Yes but it isn’t science fiction though is it? Firstly it is set in the present, in the real world, with real technology. There is no speculative content as such nor was it published as science fiction.

And yet. The film within the story IS science fiction. A dinosaur is thematically central to the story and it was written by Ray Bradbury and hence somehow magically blessed with particles of sfnalness. OK, I can tell I’m not winning this argument.

Let me put forward a proposition: there are some things that are so intimately connected to the genre of science fiction that even non-ficitional real-world examples are undoubtedly sci-fi adjacent and just a teeny-tiny push makes them science fiction. These include:

  • Space travel
  • Rockets
  • Robots and artificial intelligence
  • Dinosaurs

The Hugo Awards recognise some of this fluidity of boundary in categories like Best Related Work and Best Dramatic Presentation. The most notable example being the 1970 Hugo Award to the news coverage of the Apollo 11 moon landings*.

Am I saying that Worldcon members should have voted this story in as a finalists? No, just that I wanted to look at these boundaries and I need to start the discussion in this era before we get to two other stories in later eras.

Next time: no, seriously, DEFINITELY Clifford D Simak and the joys of time travel in Wisconsin.

*[The moon landings being 50 years ago this month being yet another reason why I wanted to work this in somehow.]


19 responses to “Hugosauriad 2.6: The Prehistoric Producer aka Tyrannosaurus Rex by Ray Bradbury”

  1. A dinosaur is thematically central to the story and it was written by Ray Bradbury and hence somehow magically blessed with particles of sfnalness. OK, I can tell I’m not winning this argument.

    No, you totally had me here.

    Liked by 3 people

      • You would have convinced me if I’d needed any convincing.
        “God damn the goddam lawyers!” is a line that’s stayed with me since I read this story at age ~ 12.

        Liked by 2 people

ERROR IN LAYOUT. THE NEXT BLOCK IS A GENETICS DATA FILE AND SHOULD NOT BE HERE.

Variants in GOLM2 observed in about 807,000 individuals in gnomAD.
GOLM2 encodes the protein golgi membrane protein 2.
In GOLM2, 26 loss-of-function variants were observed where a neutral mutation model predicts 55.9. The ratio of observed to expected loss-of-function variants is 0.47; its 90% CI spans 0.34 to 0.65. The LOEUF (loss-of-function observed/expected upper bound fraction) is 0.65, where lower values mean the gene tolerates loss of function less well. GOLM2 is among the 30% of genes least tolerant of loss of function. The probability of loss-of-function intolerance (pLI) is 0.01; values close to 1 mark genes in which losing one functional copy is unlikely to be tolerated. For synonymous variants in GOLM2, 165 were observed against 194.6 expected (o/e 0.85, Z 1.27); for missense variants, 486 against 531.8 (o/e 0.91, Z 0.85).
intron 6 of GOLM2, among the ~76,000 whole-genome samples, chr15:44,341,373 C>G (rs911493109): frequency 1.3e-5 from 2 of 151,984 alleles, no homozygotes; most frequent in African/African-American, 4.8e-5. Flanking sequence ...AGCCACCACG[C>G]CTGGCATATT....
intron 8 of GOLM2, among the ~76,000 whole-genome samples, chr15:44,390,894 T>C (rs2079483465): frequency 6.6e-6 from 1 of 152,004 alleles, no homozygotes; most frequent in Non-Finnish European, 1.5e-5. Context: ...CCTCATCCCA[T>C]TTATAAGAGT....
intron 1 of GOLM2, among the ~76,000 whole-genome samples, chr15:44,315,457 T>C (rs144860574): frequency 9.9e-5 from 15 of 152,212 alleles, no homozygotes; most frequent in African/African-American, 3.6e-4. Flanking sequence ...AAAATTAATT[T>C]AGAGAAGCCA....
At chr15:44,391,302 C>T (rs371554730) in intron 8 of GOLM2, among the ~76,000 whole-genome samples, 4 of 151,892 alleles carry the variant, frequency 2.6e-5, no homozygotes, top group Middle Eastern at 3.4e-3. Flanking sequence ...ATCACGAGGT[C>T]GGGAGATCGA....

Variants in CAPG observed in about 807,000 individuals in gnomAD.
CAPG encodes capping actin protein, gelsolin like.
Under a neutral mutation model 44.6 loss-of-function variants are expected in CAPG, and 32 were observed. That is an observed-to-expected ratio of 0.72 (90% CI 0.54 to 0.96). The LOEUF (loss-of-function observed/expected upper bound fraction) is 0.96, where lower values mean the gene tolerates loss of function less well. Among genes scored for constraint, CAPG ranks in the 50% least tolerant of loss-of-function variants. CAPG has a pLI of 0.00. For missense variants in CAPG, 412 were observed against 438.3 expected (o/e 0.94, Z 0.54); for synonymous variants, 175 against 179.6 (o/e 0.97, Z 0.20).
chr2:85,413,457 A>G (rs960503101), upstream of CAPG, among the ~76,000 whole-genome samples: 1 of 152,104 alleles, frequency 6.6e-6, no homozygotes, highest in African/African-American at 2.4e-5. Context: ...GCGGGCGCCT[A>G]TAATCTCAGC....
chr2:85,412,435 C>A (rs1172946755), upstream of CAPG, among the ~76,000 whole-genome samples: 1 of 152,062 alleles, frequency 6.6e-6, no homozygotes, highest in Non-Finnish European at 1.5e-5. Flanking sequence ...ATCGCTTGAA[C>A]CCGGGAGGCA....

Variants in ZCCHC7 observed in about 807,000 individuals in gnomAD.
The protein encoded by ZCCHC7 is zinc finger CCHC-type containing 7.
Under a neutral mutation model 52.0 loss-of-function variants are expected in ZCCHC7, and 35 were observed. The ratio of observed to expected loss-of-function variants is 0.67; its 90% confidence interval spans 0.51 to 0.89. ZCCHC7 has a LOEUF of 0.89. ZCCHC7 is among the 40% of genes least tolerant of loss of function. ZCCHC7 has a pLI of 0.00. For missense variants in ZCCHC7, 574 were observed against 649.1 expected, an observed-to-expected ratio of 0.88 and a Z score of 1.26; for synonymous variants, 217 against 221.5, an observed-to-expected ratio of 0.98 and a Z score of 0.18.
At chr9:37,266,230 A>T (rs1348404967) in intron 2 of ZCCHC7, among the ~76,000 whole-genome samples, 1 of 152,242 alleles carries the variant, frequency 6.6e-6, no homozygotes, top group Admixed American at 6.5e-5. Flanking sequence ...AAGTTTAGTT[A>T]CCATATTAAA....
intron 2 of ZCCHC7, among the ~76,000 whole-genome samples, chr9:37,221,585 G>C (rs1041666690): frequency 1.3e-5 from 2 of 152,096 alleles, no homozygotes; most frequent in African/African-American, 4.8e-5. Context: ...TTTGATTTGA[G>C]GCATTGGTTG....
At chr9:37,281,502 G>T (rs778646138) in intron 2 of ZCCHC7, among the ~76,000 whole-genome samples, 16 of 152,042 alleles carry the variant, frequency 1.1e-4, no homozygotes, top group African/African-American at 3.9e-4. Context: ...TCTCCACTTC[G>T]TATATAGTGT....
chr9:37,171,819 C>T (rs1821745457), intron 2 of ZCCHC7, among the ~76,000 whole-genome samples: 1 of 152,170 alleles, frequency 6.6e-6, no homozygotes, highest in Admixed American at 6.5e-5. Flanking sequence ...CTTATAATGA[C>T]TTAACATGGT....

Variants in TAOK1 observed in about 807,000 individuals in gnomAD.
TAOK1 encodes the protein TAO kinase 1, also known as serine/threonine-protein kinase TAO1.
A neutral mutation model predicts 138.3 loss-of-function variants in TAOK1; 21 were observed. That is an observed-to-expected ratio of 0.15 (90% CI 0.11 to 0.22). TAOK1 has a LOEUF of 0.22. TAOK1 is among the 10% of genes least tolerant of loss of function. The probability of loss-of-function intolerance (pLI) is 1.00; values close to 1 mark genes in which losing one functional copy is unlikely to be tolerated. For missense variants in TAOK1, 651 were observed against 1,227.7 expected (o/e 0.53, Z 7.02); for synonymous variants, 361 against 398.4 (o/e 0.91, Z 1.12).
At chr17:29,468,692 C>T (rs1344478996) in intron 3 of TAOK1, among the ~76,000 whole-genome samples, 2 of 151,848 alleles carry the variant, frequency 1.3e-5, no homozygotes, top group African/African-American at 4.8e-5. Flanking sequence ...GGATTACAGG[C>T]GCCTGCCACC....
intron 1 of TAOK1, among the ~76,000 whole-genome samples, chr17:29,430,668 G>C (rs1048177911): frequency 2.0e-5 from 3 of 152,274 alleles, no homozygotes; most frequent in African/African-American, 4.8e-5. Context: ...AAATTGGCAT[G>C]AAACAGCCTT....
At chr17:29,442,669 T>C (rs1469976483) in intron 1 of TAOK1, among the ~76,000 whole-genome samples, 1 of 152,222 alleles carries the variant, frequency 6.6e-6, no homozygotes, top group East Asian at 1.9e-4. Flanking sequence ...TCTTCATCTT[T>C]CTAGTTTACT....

• If the anthology had been up for a sf/f award, I would have had no trouble voting for it and would laugh in the face of anyone who said this one story disqualified it.

        I’m not sure how I would have felt if the story were nominated on its own, but I would certainly understand why some people nominated it.

        Liked by 1 person

  2. Generally: I’m always rather cautious about extending the boundaries of genre, because I feel there is sometimes a ‘this can’t be mainstream; it’s good!” instinct at work, which I think should be resisted. The point is not so much to maintain the purity of genre, as to maintain the integrity of mainstream, not borrowing from it everything we happen to like. I don’t actually think that is what was happening with the famously controversial case we are working towards, but I think it has happened with some other award-shortlisted works.

    Specifically: One of these things is not like the others. There is a good case for seeing space travel and robots as intrinsically SF-related, even when presented in a purely realistic way, because it’s plausible that SF actually played a part in their development (‘robot’ is after all a science-fictional word). But it would be hard to argue that SF played a part in the development of dinosaurs.


    • Fair point: technology itself being a kind of ‘practical science fiction’ – a product of the imagination applied to science & technology.

      I’ll come back to that with the next marginal example.


      • I’ll claim that the rest test is whether there’s anything speculative in the story.

        Robot stories are still speculative because industrial robots are still nothing like the SF kind. I doubt most people would consider an industrial robot story to be genre.

        Space travel stories are speculative because today we can only do it with great difficulty. Anything interesting in space requires at least some speculation. A story set entirely on the ISS wouldn’t be genre any more than a story set on a nuclear sub would be. Not without something extra, anyway.